UPDATE: While our review primarily focuses on the original PC and PlayStation builds of Grim Fandango: Remastered, we have added an additional section towards the end that addresses the belated iOS and Android ports.
LucasArts’ Grim Fandango is considered to be one of the greatest adventure games of all time, which is why it’s a shame that it became virtually impossible to find shortly after its original release on PC in 1998. Not only did limited runs of the game package prove rare, but the game’s system requirements were also quite picky, so even if you did track a copy down, it would no doubt refuse to run on anything more recent than a Windows 95-powered computer from the 1990’s.
Fortunately, Sony and Tim Schafer have done the gaming industry an incredible kindness. After pooling some funding between the PlayStation maker and Schafer’s Double Fine Productions, Grim Fandango was restored from the grave as Grim Fandango: Remastered, a readily accessible and slightly more polished version of this long-hidden gem, for modern PC storefronts and current PlayStation platforms. Sadly, due to Sony partially funding the game for exclusivity rights, Xbox and Nintendo gamers likely won’t see this remaster any time soon, if at all.
To answer the first and most obvious question, yes, Grim Fandango absolutely holds up today! LucasArts may no longer make games now, but Grim Fandango: Remastered makes a great case for their timeless, witty and thoroughly unique adventure gaming classics that completely deserve more attention from the modern wave of gamers. It’s a bit unfortunate that only PC gamers and PlayStation gamers will get to experience the game’s new lease on life, but that’s certainly better than just allowing Grim Fandango to be lost in the ether of inaccessible cult hits.
If you’ve never played Grim Fandango before, then Grim Fandango: Remastered is a mandatory download on whichever platform you can get it for, as it’s required playing for any serious gamer with a passion for the medium. Even if you’ve already played through the original 1998 build of the game several times, the remaster is well worth your attention, thanks to a cross-buy offer between its PS4 and PS Vita versions, and even its PC, Mac and Linux versions having some appreciated touch-ups, namely a new mouse-controlled interface.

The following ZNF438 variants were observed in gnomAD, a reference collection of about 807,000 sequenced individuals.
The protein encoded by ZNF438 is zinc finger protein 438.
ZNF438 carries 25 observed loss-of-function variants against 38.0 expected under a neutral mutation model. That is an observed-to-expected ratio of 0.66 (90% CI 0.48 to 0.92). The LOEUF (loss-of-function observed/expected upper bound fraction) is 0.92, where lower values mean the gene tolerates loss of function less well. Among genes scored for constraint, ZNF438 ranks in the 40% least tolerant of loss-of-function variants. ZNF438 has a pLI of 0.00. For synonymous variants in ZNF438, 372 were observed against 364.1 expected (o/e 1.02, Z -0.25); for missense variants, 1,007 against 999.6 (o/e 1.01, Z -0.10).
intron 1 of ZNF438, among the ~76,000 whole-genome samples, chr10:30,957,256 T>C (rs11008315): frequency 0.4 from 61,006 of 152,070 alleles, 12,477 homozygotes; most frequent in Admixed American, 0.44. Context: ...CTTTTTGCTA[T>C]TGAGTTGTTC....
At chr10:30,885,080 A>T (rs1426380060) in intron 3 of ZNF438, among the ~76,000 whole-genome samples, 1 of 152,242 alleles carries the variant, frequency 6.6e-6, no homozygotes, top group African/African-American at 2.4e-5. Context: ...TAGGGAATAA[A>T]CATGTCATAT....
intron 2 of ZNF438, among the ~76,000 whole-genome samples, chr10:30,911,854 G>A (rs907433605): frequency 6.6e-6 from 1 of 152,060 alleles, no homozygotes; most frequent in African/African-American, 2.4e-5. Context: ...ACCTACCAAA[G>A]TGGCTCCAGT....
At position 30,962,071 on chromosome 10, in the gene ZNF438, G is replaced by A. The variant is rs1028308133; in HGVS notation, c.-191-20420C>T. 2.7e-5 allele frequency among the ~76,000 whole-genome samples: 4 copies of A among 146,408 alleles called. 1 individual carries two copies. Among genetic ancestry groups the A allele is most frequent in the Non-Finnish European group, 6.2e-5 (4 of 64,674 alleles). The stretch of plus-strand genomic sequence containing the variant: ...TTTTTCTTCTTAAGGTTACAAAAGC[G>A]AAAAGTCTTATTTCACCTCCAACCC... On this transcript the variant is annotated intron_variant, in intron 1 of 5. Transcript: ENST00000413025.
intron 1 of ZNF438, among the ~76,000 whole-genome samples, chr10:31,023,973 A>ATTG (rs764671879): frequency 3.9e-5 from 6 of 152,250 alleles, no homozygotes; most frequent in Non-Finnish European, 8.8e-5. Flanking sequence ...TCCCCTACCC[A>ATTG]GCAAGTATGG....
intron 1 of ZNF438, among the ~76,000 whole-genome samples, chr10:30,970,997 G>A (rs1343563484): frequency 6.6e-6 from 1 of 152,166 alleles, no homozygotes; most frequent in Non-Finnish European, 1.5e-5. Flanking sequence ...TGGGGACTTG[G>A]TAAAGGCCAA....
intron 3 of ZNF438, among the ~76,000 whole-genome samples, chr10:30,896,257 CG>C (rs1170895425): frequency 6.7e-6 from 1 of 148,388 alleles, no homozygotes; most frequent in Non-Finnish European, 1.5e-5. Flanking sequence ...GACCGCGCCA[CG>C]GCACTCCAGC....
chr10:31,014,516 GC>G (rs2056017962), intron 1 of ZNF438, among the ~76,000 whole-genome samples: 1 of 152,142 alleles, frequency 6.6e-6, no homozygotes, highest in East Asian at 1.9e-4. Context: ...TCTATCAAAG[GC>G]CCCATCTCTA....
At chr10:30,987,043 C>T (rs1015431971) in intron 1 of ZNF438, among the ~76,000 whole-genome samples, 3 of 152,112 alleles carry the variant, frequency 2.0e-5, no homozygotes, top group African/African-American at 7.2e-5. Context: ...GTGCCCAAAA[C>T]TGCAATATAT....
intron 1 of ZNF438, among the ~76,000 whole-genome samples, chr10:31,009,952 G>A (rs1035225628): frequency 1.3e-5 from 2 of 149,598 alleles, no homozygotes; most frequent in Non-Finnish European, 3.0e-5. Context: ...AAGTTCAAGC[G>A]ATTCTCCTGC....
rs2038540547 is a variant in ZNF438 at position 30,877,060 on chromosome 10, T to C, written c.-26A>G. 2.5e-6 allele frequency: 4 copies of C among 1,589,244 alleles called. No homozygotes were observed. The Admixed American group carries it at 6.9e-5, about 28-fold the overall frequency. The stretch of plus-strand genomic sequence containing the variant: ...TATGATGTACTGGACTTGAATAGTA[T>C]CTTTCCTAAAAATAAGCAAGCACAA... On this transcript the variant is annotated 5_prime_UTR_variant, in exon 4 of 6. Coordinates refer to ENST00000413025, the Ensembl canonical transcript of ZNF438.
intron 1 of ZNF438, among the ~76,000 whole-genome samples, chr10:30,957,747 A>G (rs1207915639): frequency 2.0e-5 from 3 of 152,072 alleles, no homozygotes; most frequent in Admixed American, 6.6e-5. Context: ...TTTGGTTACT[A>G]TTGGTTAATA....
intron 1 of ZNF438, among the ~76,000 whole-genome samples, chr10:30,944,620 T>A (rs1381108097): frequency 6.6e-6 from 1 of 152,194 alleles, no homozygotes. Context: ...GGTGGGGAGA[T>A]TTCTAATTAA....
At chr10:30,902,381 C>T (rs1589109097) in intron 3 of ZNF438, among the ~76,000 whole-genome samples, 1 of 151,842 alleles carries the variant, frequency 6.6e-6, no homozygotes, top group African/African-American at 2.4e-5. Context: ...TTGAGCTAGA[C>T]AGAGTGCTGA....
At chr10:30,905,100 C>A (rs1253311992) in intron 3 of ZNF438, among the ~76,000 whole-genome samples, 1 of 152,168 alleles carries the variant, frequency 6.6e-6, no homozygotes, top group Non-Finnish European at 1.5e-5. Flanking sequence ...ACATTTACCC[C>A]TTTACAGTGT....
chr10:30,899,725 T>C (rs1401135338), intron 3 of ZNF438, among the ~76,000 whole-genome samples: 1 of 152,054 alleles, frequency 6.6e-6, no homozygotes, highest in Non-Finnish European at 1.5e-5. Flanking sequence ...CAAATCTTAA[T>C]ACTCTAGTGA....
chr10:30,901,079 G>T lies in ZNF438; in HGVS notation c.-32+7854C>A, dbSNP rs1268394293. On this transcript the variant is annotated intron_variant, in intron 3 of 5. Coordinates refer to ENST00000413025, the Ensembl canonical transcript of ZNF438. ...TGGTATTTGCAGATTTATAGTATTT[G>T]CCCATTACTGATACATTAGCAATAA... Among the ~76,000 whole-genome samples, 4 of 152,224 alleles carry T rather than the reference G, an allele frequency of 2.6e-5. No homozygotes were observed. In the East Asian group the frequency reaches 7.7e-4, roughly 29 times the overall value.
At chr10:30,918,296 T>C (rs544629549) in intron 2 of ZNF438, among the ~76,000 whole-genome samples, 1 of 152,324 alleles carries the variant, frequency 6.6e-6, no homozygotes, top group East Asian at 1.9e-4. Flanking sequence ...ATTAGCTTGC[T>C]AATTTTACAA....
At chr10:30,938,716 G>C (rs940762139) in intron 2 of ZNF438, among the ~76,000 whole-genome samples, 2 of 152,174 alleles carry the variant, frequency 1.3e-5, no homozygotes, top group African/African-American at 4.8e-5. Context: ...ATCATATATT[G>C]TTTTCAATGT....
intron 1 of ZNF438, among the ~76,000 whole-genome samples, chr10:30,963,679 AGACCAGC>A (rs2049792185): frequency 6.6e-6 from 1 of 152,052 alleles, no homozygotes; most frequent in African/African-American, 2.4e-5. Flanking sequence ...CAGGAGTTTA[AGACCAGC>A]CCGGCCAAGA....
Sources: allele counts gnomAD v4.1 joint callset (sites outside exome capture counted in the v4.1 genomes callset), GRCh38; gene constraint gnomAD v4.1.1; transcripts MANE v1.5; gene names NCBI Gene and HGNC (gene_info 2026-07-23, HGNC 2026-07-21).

Great revivals of great games deserve to be celebrated, and Grim Fandango: Remastered is both highly reverent of the original 1998 PC build, while touching up what’s necessary to give it an extra appealing shine.
Grim Fandango: Remastered makes a handful of touch-ups to the original 1998 graphics, smoothing out the jagged pixels in the character models, and adding improved lighting effects that give the environments more immersion. Even without these small refinements, the game’s highly-defined, Day of the Dead-esque aesthetics have held up remarkably well, and need few upgrades to feel like they fit right in with modern visual design.
Of course, there are a lot of untouched visual elements from 1998 that stick out a little more in some spots as well. The fixed camera angles that abruptly jump views as you move can sometimes be a nuisance when trying to navigate environments for example, and while most characters look great, some more abstract characters such as your demon buddy, Glottis still look like a primitive blob of polygons. Similarly, the original 1998 FMV cutscenes appear to be untouched in the remaster, awkwardly sticking out with their grainy pixels and stiff animations amidst the refined, HD-revamped touch-up given to the in-game models and fixed environments.
The PC/Mac/Linux version of the game looks and runs pretty well indistinguishably from Grim Fandango’s new console build on the PS4, with all of these versions presenting the same sharp retro-chic graphics, and only occasionally dated-looking visual design. The PS Vita version also stands pretty effortlessly with its PC and console counterparts in terms of graphics, albeit with predictably decreased resolution. The PS Vita version also has noticeably longer load times than the PS4 and PC versions, which are especially annoying when trying to save and load your game. The sequences with heavily zoomed-out camera angles are at their worst on PS Vita as well, with your character barely being a pixel tall on the PS Vita screen in those places, and already being hard enough to spot with the larger screens you have to work with on PS4 and PC.